False, fake and fibs: The science behind misinformation
Researchers from City and the University of Oxford demonstrate what social science can tell us about misinformation, and what we can do to minimise its impact on us.
Last year ‘fake news’ was the phrase on everybody’s lips, but just how susceptible are we to its influence, how does it spread, and what are best ways of limiting its impact on us as individuals and as a society?
The ‘False, fake and fibs: The science behind misinformation’ event was held at City, University of London, as part of the Economic and Social Research Council’s (ESRC) Festival of Social Science 2018.
Three experts in the field shed light on this topical issue, by sharing their insight and scientific findings.
How do we process corrections to misinformation?
City’s Saoirse Connor Desai focused on how we process corrections to misinformation.
She used examples such as the 2016 ‘Brexit Bus’ advertisement which claimed that the UK sends £350 million a week to the European Union.
Despite the claim being widely criticised by the UK Statistics Authority, an Ipsos MORI poll taken just before the Brexit referendum suggested that half those polled believed the claim to be true.
She also shared research suggesting that corrections of misinformation often fail as they render a gap in the story originally set out by the misinformation. A more effective way of correcting misinformation is to share a plausible, alternative narrative which does not leave a gap in the story and people’s minds.
Is reasoning the enemy? The neuroscience behind rejecting unwanted information
Dr Andreas Kappes explained the neuroscience behind why people might reject unwanted information.
In his own research project, participants were shown details of a property and told it’s price. They were then asked to judge whether it was worth more or less than the listed price and to bet fake money on how confident they were with their decision. They were then partnered with a second participant who was asked to do the same thing.
Dr Kappes found that if the second person’s judgement of the property’s value was the same as that of the first, the first participant would take on board the amount their partner bet and come to a compromised final wager. However, if the second person’s judgement was different, the first participant was likely to ignore the value of their bet altogether.
Dr Kappes also ran the study with participants in an fMRI brain scanner. It showed that when the partner agreed with the first participant’s judgement, part of the frontal cortex of their brain was activated. When the partner disagreed there was no such activation. This provides objective evidence of the brain behaving differently when presented with wanted versus unwanted information.
The audience were also invited to take part in a version of this game with each other at the event, using their mobile phones. The result echoed the findings of Dr Kappes research.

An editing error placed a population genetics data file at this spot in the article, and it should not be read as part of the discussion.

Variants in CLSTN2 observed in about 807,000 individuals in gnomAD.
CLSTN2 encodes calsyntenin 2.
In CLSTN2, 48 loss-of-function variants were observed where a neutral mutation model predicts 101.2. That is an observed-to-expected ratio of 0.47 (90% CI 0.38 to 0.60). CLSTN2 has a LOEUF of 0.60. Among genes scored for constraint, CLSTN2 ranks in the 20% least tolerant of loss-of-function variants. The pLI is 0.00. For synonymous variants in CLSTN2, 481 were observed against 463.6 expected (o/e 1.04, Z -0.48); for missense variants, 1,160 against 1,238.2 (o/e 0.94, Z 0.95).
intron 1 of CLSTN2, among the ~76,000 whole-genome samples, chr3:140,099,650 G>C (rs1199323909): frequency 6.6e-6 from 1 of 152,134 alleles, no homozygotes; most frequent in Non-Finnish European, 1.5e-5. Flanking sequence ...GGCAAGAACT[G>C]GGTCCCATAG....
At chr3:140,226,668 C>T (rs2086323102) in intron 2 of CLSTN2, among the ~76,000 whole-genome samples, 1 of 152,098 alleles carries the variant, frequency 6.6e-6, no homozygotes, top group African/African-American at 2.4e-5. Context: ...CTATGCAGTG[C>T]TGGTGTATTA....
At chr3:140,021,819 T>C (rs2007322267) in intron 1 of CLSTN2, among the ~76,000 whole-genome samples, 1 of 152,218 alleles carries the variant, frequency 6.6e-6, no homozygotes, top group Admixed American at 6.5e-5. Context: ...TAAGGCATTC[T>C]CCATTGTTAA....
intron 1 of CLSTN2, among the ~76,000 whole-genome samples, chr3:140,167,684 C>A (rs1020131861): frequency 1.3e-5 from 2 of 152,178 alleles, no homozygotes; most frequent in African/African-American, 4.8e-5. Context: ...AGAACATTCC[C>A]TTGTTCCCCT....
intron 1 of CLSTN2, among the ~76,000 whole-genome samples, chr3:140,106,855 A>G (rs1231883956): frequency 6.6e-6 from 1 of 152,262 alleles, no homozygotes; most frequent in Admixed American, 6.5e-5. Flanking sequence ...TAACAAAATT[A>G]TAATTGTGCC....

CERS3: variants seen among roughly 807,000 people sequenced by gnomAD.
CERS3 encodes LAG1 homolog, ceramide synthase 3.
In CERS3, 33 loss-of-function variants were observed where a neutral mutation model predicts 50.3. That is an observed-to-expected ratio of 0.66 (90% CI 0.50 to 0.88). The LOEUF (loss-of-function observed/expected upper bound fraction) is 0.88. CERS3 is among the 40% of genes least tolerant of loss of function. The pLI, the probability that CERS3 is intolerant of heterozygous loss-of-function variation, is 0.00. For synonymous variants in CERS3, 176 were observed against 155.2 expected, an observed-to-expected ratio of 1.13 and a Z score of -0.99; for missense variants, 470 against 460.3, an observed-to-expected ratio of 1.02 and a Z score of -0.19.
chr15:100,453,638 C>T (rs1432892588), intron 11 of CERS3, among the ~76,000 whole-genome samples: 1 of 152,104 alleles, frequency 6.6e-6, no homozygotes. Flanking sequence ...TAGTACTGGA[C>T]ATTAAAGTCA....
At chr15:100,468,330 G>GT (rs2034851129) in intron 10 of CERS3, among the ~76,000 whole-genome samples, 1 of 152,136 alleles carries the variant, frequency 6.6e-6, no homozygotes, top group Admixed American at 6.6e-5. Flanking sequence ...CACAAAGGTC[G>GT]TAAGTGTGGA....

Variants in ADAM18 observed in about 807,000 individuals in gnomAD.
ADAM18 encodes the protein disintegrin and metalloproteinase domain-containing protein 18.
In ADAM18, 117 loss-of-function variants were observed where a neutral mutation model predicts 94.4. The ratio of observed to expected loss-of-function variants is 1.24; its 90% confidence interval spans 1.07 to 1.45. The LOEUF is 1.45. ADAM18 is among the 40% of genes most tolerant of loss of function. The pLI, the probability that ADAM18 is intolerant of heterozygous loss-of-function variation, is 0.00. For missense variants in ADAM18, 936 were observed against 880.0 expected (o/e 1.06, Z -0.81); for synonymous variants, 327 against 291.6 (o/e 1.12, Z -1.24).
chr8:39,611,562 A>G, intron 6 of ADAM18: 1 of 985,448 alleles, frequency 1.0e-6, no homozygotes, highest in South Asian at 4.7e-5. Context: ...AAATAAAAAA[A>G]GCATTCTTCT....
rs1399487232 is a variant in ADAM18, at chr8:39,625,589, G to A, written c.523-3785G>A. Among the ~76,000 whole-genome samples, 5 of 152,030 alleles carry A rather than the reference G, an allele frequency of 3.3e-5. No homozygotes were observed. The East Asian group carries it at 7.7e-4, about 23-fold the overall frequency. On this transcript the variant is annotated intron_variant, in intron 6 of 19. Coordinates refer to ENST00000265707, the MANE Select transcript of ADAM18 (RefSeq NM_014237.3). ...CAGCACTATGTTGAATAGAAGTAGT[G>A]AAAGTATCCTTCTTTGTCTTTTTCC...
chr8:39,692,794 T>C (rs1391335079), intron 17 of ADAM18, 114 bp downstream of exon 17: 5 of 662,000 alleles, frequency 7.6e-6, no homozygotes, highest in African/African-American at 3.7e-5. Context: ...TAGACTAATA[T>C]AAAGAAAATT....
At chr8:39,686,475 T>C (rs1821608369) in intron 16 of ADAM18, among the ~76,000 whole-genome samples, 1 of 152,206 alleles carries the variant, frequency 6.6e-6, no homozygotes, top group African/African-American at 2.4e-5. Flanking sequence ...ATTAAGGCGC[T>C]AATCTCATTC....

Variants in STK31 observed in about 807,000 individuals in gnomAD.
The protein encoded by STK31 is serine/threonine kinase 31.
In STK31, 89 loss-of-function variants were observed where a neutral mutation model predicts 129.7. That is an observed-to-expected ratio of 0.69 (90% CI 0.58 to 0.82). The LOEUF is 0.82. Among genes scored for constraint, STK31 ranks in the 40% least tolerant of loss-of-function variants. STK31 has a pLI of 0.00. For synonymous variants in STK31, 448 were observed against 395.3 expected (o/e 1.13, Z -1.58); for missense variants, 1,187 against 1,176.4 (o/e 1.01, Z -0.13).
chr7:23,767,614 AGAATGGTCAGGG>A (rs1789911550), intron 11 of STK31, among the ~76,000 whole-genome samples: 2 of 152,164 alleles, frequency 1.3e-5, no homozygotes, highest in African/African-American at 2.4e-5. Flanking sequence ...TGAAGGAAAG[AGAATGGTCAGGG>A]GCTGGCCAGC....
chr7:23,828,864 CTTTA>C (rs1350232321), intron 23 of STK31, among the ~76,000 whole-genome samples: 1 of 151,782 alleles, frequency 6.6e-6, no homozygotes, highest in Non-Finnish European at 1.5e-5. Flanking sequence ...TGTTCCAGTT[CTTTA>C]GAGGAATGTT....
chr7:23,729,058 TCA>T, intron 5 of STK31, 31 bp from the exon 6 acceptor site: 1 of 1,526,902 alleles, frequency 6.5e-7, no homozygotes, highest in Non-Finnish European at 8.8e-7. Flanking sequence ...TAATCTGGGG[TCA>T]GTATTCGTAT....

How can people get and maintain wrong beliefs?
Dr Jens Koed Madsen, University of Oxford, then discussed how the ‘cognitive models’ of thinking described by the speakers from City could be integrated into simulations of individuals interacting in social networks.
He shared how the interaction of people on social media can be considered a ‘complex’ system, meaning that although the individual interactions between people may be simple, it can be very difficult to understand how all these result in wider behaviours of a population of people. He used the analogy of how a peaceful demonstration might turn into a riot; it may start off with a few demonstrators (and perhaps police) nudging and pushing each other, but which can develop over time into an extreme situation.
Dr Madsen suggested that computer simulations of social networks could help us understand how people can get and maintain wrong beliefs. This includes how people self-sort themselves into ‘echo chambers’ of wrong beliefs based on misinformation, whether it be on social media, or in person.
Findings from his research suggest that individuals who self-organise themselves into echo chambers of extremist belief do not necessarily differ in their cognitive functions (thinking ability) to those who do not. The findings also suggest that when individuals are able to make more possible connections in their network, larger echo chambers are seen, despite there being more access to rational individuals.
It is therefore important to understand the processes by which echo-chambers develop, and not look solely at their outcome.
Reflections from the speakers
Dr Jens Koed Madsen appreciated the audience involvement and discussion topics. He said:
The audience participated well and posed very relevant questions. For example, we had an interesting debate on the role of media, the perceived equal time for any issue, and various ideas for curtailing the spread of misinformation. In addition, we discussed the role of education in combatting the spread of misinformation, including teaching children to reason critically and the potentially devastating effect of the so-called 'teach the controversy' principle concerning the theory of evolution versus unscientific ideas such as creationism.
Dr Andreas Kappes was delighted with the outcome of the event, and said:
“I was hoping that beyond telling a broader audience about my research, that I was reminded of why the research we do is important, and how it connects to other areas of society. Having discussions after the event with people from journalism, and education, among others, was brilliant and invigorating for me as a researcher and I'm looking forward to the next one.”
Saoirse Connor Desai agreed:
“It was great to see so many people interested in our work and ask so many insightful questions, it really gave me some food for thought!”.
More from the ESRC Festival of Social Science 2018
To find out more about the festival, including the 302 other events held, visit the ESRC website.